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Country feeling tucked away in the City

Driving through the Roebuck Springs neighborhood in Birmingham, Alabama is reminiscent of English country lanes with no sidewalks, no curbs, no gutters.  Just narrow winding lanes that meander the tree-covered gently rolling hills.


This 120 year old neighborhood was the first residential subdivision in the State of Alabama where the streets were geared specifically for cars.  When it was first developed, it was very suburban.  It offered the residents a welcome escape from the dust, soot, and heat of the city while giving them easy and quick access to Birmingham.

Roebuck Springs is located in the 35206 area code of Birmingham, Alabama.  It borders I-59 between mile markers 133 & 134 to the north, 4th Avenue south to the west, Roebuck Parkway to the East and 86th Street to the south.

Roebuck Springs was the first neighborhood in Birmingham to be associated with a golf course/country club development (Roebuck Auto and Golf Club now owned by the city and named Roebuck Golf Course).  It was a decidedly upscale neighborhood whose founding landowners were Doctors, Lawyers, Judges and business leaders.

The majority of the homes built in this subdivision were built on estate sized lots.  The styles of homes included Craftsman Bungalows, English country and Tudor revivals.  Most of the smaller houses were originally built as summer cottages for those who lived in the city but wanted a summer home closeby.  The lot sizes vary anywhere from 1.5 acres to over 11 acres.  Originally, the average lot size was 5 acres but over the years some lots have been subdivided which accounts for some of the smaller lot sizes.




Still a close and cohesive neighborhood, each year the association hosts numerous parties. One of which is the popular “Pig and Fig” celebration which is held when the numerous fig trees in the neighborhood produce ripe fruit.

At the entrance to this neighborhood at 4th Avenue South and Roebuck Springs Drive, sits Gabrella Manor.


Built in 1938 for furniture magnate Robert Bundy, it was originally called the Bundy House and is a Spanish Revival style with terracotta roof, turreted entryway and numerous patios and terraces.   It sits on over 5 acres and originally had a guest house and an inground pool.  It boasts over 8,000 square feet of living space.

By 1997, the swimming pool had been filled in and the enormous guest house next door had been sold to a private owner.   The house was long overdue for updates when the current owners bought it, lovingly restored it and opened it as a wedding venue.  Fittingly, the current owners were the first couple to marry at the newly renamed Gabrella Manor.

Nestled in the heart of Roebuck Springs is the Wilson Chapel Methodist Church and Cemetery which was opened in 1917 and is still an active church and cemetery.



On Valley Lake Drive in the Roebuck Springs subdivision sits the original Roebuck Springs lake complete with an original grist mill.  It once was the water source for the entire area.  It is 100% spring-fed and is now privately owned as part of an 11 1/5 acre estate by the Bourda family who have lived in this subdivision for 4 generations and continues to populate it.


Perhaps due to its smaller size, I am unable to find data as to a number of renters versus homeowners or even accurate population numbers.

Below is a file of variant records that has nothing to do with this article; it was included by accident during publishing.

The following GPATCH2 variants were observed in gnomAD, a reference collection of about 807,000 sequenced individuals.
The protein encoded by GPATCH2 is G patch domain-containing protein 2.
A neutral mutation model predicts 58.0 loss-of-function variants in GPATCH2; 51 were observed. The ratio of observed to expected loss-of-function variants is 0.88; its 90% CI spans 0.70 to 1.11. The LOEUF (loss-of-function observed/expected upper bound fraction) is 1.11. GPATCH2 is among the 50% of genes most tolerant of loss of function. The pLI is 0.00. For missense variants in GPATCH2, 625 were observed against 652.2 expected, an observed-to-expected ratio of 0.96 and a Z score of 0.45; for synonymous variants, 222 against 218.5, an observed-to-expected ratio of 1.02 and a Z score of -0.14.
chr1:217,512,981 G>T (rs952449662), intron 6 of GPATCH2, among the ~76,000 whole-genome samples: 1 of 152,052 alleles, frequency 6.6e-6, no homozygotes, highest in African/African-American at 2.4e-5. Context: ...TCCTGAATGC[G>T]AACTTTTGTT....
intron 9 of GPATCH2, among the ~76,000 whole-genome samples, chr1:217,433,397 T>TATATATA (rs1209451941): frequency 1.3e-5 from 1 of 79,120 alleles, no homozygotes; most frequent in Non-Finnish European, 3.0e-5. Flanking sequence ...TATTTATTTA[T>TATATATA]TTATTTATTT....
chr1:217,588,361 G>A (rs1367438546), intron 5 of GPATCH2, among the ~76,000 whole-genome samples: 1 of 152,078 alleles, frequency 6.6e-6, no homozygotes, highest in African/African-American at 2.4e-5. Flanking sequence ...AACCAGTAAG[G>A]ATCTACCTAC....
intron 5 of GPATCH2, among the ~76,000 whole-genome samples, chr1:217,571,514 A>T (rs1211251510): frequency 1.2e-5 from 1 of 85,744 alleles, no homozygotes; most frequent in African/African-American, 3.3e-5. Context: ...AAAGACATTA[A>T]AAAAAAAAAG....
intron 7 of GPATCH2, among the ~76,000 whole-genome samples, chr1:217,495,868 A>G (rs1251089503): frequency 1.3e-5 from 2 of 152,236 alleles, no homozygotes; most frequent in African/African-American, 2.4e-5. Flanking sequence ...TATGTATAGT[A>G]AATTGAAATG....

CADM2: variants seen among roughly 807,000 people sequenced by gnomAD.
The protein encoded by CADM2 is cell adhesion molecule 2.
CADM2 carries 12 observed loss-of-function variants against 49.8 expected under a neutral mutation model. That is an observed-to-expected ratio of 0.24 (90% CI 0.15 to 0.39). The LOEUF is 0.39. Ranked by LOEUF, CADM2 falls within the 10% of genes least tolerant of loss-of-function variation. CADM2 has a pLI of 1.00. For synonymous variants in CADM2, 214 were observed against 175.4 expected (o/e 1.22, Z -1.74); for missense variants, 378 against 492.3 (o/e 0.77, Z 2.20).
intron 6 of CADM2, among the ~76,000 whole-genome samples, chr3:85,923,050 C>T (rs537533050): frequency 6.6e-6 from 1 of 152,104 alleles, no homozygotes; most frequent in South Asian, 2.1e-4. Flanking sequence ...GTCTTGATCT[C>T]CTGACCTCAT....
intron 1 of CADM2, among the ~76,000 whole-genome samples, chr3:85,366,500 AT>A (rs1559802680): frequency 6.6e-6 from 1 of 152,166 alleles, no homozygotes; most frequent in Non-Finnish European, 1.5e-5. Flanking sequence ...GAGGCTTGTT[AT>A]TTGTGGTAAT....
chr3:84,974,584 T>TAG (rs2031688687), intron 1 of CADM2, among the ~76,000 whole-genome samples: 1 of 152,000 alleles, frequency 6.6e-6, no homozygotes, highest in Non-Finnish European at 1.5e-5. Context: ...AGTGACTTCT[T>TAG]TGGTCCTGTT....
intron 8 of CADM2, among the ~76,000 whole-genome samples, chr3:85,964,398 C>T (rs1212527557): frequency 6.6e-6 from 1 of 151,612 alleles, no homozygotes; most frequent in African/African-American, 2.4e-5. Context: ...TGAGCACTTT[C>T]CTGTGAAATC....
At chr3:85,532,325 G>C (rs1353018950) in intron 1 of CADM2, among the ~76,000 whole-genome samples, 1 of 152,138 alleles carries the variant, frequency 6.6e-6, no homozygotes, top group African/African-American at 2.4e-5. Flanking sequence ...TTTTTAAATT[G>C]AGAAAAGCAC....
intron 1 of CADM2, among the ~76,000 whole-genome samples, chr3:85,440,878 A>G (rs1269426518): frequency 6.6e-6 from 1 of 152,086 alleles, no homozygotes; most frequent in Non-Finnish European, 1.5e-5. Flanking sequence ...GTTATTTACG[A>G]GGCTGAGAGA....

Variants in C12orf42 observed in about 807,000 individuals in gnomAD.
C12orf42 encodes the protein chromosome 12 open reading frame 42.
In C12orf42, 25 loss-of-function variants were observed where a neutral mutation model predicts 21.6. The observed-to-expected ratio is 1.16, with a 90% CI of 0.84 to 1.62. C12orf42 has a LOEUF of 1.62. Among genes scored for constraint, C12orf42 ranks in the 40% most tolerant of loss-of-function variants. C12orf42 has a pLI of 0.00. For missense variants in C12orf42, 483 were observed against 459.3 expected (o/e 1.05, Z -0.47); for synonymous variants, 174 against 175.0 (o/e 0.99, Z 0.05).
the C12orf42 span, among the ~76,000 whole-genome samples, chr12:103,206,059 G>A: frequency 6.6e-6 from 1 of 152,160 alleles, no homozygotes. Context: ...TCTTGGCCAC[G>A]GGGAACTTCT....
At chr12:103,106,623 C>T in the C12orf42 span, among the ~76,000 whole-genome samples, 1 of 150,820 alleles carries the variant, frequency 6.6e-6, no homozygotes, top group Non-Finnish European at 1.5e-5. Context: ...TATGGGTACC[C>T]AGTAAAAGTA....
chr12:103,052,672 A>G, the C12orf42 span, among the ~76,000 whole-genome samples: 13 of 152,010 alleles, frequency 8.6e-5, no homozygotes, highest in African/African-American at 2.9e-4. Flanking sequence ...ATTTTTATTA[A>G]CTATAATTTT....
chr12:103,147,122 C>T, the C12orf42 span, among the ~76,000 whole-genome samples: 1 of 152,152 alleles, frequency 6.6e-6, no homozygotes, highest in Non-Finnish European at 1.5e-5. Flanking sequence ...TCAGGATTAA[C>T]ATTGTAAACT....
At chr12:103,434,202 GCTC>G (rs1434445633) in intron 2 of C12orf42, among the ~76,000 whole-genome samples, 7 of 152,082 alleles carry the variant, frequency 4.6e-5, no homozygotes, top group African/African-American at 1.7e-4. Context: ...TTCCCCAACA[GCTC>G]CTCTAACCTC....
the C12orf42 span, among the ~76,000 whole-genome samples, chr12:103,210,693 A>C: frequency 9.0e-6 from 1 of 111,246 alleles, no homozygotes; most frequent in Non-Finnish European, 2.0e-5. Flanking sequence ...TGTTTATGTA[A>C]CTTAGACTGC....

Often on a boring afternoon, I will drive through this neighborhood.  I always notice something that I missed on previous drives.  I will warn you of one thing…..the lanes in this neighborhood go in circles and intersect often without warning.  The first few times I drove around there, I was lost for an hour in an area that isn’t over 20 blocks in any direction.

But on the upside, if a person has to be lost, this would be the area to be lost in.  Beautiful neighborhood.

Suggestions for Outdoor Fun this Summer!

Summer is in full swing!  By now everyone’s gone to the beach, swam in the pool and attended at least 50 backyard BBQ’s.  What to do now?  Well, I have a few great suggestions!

Dayspring Dairy in Gallant, AL



How about visiting the very first licensed sheep dairy and producer of sheep milk cheeses in Alabama?  Bring a little cash with you because you’ll definitely want to buy some of the cheeses that you get to sample while you’re there!

Dayspring Dairy offers tours, free cheese tastings, a gift shop and you can also witness them shearing the sheep and making the cheese.  What a great way to spend a day with the kids!

Dayspring Dairy is located in Gallant, AL which is about 50(ish) miles northeast of Birmingham just before you get to Gadsden.

For more information, please visit their website:




Cathedral Caverns State Park, Woodville, AL




Originally called Bat Cave, Cathedral Caverns was opened to the public by Jacob Gurley in the 1950’s. The cave was renamed because of its cathedral-like appearance.  Purchased by the state in 1987, it was opened as a State Park in the summer of 2000.  The first feature most people notice about Cathedral Caverns is its massive entrance. The huge opening measures 126 feet wide and 25 feet high, a possible world record for commercial caves. The grand entrance is only the beginning. Inside the cavern are some of the most beautiful formations Mother Nature has ever created including “Goliath”- one of the largest stalagmites in the world measuring 45 feet tall and 243 feet in circumference.   Cathedral Caverns features many amazing sites:  a “caveman” perched atop a flowstone wall, a “frozen” waterfall, a large stalagmite forest and a most improbable stone formation – a stalagmite that is 27 feet tall and 3 inches wide!